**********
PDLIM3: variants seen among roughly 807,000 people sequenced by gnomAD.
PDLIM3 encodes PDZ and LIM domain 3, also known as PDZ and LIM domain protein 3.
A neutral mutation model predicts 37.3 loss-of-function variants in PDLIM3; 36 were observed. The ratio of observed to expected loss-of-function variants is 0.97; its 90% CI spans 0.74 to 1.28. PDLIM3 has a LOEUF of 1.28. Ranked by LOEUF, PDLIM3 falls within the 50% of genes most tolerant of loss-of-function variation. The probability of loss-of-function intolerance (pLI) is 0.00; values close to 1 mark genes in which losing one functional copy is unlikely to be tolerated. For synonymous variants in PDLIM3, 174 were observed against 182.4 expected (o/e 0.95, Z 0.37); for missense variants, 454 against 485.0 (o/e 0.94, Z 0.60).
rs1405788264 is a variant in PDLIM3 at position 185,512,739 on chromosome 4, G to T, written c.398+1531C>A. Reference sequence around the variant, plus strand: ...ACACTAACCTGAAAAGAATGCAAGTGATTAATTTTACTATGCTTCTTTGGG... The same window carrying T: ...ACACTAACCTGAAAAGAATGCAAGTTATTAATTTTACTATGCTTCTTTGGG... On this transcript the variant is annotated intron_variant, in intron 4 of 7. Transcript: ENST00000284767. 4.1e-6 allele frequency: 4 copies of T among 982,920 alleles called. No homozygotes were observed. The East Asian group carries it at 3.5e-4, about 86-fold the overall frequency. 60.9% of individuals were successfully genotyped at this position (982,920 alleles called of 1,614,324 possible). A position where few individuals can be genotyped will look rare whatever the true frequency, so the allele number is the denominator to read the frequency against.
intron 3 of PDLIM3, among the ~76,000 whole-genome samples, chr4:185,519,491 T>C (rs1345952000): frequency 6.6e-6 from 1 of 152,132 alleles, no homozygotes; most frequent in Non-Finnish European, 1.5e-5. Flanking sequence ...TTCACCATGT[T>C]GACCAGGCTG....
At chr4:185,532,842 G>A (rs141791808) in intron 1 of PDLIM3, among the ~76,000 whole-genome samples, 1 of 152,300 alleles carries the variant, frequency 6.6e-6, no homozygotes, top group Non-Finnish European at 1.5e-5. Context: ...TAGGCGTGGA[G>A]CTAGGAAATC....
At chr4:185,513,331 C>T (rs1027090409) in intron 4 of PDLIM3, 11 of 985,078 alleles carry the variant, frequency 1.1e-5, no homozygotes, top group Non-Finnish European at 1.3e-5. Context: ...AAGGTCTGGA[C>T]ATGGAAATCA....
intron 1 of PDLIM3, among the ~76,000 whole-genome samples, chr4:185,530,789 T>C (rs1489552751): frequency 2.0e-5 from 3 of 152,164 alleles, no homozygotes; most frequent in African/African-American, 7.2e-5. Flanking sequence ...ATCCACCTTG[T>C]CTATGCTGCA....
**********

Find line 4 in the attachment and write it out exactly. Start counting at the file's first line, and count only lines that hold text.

rs1405788264 is a variant in PDLIM3 at position 185,512,739 on chromosome 4, G to T, written c.398+1531C>A. Reference sequence around the variant, plus strand: ...ACACTAACCTGAAAAGAATGCAAGTGATTAATTTTACTATGCTTCTTTGGG... The same window carrying T: ...ACACTAACCTGAAAAGAATGCAAGTTATTAATTTTACTATGCTTCTTTGGG... On this transcript the variant is annotated intron_variant, in intron 4 of 7. Transcript: ENST00000284767. 4.1e-6 allele frequency: 4 copies of T among 982,920 alleles called. No homozygotes were observed. The East Asian group carries it at 3.5e-4, about 86-fold the overall frequency. 60.9% of individuals were successfully genotyped at this position (982,920 alleles called of 1,614,324 possible). A position where few individuals can be genotyped will look rare whatever the true frequency, so the allele number is the denominator to read the frequency against.